My own Dad left home at 10 and was apprenticed to a chap in Glasgow, who he had previously worked after school for in his home town of Brechin from the age of 8 .This man had decided to move to Glasgow with his wife, and askedmy Grandma if he could take my Dad with him, he taught my Dad all he knew and put him through his training in Glasgow to become a qualified chemist.
    My Dad always said it was the best thing his Mum did for him as it got him away from the local linen mills which would have been his only option back in those days .

    I agree watching the programme it seems to have been a bit rushed and perhaps a bit more detail would have made it better .

    The family were lovely though and the girls quite willing to give Mum a hand, and the young lad is lovely and his smile brightens up everyone .The Mum is pretty good and a lot less complaining than the other one in the previous programme.At least she know how to use a tin opener

    I look forward to seeing how they get on with the rationing

    JackieO xx
    Quot Libros,Quam Breve Tempus.
    2018 Food spend so far this year Three months totals £96.53 April £8.98 . this morning short shop was 5.62 only bought essentials
    • Farway
    • By Farway 8th Feb 18, 5:19 PM
    • 6,094 Posts
    • 9,557 Thanks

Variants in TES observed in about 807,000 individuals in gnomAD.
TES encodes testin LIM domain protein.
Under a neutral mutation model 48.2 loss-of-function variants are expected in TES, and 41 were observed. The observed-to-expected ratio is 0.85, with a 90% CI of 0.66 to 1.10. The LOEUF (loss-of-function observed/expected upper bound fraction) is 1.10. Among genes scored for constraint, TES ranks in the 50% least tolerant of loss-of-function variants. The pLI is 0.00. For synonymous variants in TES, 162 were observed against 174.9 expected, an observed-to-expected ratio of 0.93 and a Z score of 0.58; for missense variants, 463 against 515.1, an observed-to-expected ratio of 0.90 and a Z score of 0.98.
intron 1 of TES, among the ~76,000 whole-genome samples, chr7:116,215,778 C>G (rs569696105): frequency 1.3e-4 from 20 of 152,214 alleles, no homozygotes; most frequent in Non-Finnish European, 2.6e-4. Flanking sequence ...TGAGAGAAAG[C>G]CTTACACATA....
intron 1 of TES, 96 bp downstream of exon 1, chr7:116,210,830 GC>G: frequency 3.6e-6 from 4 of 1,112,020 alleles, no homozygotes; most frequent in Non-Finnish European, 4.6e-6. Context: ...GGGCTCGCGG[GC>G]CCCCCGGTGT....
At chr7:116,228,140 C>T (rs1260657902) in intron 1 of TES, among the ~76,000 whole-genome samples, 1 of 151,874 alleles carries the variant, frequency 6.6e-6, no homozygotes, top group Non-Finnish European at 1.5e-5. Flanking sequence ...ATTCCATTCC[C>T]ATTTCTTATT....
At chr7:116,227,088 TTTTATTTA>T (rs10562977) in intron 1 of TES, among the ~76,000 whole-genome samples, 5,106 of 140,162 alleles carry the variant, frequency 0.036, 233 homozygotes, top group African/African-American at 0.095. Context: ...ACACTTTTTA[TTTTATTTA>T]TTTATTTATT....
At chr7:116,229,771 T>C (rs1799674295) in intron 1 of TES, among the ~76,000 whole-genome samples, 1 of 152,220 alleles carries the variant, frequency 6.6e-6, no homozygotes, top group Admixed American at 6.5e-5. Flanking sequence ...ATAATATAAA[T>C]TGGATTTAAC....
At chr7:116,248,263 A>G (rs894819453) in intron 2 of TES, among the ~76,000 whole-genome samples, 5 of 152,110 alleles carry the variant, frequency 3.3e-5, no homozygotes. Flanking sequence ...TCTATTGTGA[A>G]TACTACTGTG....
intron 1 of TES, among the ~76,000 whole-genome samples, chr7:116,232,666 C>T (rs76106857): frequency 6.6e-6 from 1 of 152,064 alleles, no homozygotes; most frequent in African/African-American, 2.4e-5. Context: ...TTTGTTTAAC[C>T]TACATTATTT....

Farway
    As far as I can see the last census that has been released in Scotland was 1911, the house wasn't built then so nothing to track unfortunately.
    Originally posted by caronc
    There is a 1939 register, compiled when war was expected, so the government knew who was where & what skills they did or did not have

    This register went on to be the basis of the NHS register
    Some names and details are redacted because of this
    You local library may be able to access this, via Find My Past
    • caronc
    • By caronc 8th Feb 18, 5:39 PM
    • 3,620 Posts
    • 23,638 Thanks
    caronc
    There is a 1939 register, compiled when war was expected, so the government knew who was where & what skills they did or did not have

    This register went on to be the basis of the NHS register
    Some names and details are redacted because of this
    You local library may be able to access this, via Find My Past
    Originally posted by Farway
    I think (though I'm not sure) that Scotland has only published up to 1911 census as they lock records of 100 years. Parish registers would an option but they aren't online and held at a location I can't get to
    GC - Jan18 £55/£120, Feb18 £68/£120, Mar £104/£150, Apr £164/£200
    GC YTD - £391/£590
    • midnightraven3
    • By midnightraven3 8th Feb 18, 7:53 PM
    • 2,747 Posts
    • 6,673 Thanks
    midnightraven3
    I was surprised the 15/16 year old daughter didnt know how to peel an onion
    and who knew everyone had the giant "pasta maker" in their backyard

    The mum in this one is much better than the previous one
    I am looking forward to next weeks
    • blackcatsx2
    • By blackcatsx2 8th Feb 18, 9:19 PM
    • 114 Posts
    • 1,154 Thanks
    blackcatsx2